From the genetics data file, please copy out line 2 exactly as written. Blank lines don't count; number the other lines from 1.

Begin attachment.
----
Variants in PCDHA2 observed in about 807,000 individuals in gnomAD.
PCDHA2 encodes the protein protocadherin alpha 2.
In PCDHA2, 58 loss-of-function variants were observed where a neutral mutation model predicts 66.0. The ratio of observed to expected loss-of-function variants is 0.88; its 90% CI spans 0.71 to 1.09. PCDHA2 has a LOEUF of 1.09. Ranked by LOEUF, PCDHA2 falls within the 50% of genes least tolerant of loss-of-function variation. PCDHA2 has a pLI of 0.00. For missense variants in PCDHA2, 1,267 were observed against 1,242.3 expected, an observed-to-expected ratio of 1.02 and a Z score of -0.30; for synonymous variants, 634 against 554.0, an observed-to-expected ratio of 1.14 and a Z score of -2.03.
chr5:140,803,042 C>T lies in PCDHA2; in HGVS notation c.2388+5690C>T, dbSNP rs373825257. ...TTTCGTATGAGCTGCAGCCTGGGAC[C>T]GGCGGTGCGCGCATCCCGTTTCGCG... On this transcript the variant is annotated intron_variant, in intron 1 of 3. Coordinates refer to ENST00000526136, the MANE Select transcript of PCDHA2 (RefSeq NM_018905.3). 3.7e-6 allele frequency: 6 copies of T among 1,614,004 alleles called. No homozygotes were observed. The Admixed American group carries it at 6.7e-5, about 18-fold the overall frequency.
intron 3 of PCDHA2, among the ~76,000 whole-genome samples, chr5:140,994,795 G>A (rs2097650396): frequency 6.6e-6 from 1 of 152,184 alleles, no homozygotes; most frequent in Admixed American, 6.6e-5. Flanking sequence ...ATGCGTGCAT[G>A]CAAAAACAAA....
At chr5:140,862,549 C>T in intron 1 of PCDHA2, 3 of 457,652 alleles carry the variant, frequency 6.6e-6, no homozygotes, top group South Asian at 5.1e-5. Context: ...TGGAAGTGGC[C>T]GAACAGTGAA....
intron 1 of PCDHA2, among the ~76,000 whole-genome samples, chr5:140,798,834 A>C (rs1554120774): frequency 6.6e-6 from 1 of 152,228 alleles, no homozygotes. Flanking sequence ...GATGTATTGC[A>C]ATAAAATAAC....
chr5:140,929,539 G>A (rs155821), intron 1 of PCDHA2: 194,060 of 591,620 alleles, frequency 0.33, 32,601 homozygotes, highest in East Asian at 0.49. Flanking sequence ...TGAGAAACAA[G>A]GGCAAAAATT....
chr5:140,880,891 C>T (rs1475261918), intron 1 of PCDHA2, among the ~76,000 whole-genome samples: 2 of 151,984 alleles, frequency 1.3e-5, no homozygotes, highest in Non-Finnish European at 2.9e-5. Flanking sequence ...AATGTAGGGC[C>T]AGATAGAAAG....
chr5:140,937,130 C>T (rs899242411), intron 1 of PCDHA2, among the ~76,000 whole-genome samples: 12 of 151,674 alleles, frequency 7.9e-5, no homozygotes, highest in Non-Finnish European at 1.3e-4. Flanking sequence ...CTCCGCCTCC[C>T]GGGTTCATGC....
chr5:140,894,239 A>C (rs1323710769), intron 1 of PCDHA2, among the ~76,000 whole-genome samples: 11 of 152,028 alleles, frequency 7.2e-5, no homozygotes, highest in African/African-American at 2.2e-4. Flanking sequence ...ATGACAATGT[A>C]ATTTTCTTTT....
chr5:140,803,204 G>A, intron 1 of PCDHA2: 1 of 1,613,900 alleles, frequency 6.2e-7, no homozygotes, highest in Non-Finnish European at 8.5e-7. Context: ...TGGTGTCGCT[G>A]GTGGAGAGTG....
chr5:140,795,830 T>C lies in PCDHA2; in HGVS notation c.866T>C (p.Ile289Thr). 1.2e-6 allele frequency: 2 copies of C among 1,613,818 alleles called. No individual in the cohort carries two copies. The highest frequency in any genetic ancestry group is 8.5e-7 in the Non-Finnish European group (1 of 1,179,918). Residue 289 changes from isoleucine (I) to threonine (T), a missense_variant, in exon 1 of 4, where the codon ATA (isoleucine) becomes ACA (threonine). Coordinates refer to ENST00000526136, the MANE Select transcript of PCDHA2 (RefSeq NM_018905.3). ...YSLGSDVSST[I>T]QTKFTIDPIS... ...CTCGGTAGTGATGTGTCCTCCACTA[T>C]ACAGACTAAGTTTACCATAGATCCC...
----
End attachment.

PCDHA2 encodes the protein protocadherin alpha 2.